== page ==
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Echoes from the Tunisian Blogosphere

Mochekes (FR), MMM, Tom (FR), Kaaboura and Adib (FR) write about Dubai's TECOM winning the bid for a 35% stake of Tunisie Telecom, the monopoly fixed-line operator in Tunisia which is also estimated to control 72% of the country’s mobile market.

They hope this will bring about a change to the better inside the company and when it comes to the quality of its services.

Zizou (FR) writes about how a 1997 survey between 500 Tunisian women showed that 33,8% of them were victims of violence at home. He wonders if all women know what to do in cases like this and if everything possible is done to help them. He mentions a number of women organisations in Tunisia, and he states that the position the Tunisian woman is in today is the best in the Arab and Muslim world, but that the fight continues.

Nawarat (FR) talks about shopping in Tunisia and how bad it is, how you're limited to either having to buy mediocre quality clothes at cheap prices that everyone is wearing, or buying clothes you really like at madly expensive prices.

One of the writers at KEN (Khadra Environmental News) writes about how they will start using a Tunisian basket while shopping in Montreal to try to cut down on the use of all the plastic bags and packaging. They think that the Tunisian basket is definitely one of the most ecological means to carry groceries. Not only because it is made of natural products, it's also reusable, and it reflects a Tunisian know-how.
They invite all Tunisians living in Tunisia and abroad, as well as non-Tunisians, to get a basket for their shopping.

Karim provides a coverage of the 5 days of the Mediterranean Guitar Festival that was held in downtown Tunis last week. (Days: 1, 2, 3, 4, 5)

ImperatorKing asks about the necessity and pertinence of having blogger meetups. He wonders if certain groups are being created between the Tunisian bloggers because of the meetups. He also raises the issue of some people being afraid to let go of their privacy and anonymosity to take the step towards meeting these people they don't know in the real world.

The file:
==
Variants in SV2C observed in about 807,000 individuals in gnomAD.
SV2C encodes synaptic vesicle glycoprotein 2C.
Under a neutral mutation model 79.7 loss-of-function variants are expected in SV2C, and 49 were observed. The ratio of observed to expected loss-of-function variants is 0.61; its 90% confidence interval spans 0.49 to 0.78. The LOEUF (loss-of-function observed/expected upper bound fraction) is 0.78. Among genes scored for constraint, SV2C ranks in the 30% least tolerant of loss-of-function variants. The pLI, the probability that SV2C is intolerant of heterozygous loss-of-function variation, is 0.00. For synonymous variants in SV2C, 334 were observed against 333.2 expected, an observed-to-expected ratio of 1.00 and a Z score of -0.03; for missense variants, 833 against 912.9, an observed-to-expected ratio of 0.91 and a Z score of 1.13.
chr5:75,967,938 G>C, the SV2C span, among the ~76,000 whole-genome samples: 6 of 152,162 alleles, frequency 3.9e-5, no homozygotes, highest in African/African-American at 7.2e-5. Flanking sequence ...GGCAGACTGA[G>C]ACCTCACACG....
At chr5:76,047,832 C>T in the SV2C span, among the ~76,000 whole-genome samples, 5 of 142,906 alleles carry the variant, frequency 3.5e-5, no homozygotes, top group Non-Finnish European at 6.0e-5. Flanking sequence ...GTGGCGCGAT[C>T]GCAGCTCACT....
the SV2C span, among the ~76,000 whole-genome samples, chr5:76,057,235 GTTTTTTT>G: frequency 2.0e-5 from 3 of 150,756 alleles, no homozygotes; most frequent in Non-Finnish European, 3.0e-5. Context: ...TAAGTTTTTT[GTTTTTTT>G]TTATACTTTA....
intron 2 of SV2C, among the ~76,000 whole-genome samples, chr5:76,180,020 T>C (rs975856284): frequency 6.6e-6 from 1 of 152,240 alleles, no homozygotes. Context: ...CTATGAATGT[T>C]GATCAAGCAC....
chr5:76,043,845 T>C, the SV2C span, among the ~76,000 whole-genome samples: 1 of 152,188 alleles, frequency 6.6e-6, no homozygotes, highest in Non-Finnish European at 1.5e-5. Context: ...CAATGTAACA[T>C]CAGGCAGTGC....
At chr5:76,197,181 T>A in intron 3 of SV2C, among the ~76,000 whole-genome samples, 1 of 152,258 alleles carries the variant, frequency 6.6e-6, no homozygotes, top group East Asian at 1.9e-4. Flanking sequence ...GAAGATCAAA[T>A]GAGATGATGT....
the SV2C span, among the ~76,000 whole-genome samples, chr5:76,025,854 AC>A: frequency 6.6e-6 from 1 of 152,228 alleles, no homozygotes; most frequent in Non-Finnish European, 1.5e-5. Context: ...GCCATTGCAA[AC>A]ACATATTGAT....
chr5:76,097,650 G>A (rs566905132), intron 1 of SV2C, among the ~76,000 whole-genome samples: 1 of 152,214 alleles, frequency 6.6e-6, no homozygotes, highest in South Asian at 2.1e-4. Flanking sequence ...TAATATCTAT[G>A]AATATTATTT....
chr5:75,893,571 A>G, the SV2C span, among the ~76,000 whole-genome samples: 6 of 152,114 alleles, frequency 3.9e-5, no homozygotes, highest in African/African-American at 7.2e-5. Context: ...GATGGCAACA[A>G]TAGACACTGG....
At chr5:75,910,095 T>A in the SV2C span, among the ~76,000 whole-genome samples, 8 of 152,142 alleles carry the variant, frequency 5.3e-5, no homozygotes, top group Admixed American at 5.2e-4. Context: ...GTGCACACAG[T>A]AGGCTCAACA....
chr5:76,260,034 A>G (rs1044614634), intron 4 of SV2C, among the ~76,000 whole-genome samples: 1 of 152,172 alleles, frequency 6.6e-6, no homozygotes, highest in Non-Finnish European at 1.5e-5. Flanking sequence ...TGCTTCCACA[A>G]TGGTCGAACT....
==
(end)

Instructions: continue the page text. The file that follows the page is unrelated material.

Swobodin writes about the name of Africa, which comes from Ifriqia, the old name of Tunisia, which also means ‘The Seperator’. He states that even the Romans used to call Tunisia ‘Africa’ and goes on to explain where the name came from.

MMM writes about blogs being a means of social networking and how many interesting people he got to meet both offline and online because of blogging.


  • To complete all these comments, please visit

    especialy that it is still censored and no one is talking about censored blogs in Tunisia.

    You can read my comments about : From Ben Ali’s Tunisia, a tale of cruelty and silence

    The New York Sun’s comments about: Tunis Targets Pro-Freedom Arab Blogger

    And much more ….

    Thank you for your attention

  • Orefo

    @NCH: Now that your blog is working again, I guess you can write an update on Global Voices, just to clarify things to the readers who might be still puzzled by your previous comment.

  • It did not take long. My blog was accessible on April 8, after a State Department’s statement expressing concern about the harrassment I have been through.

    Then it was censored again on April 21st, when I published “Fighting to speak” on National Review Online.

    So the accessibility lasted less then two weeks.

    The minimum I can say is that we have a childish irresponsible State.

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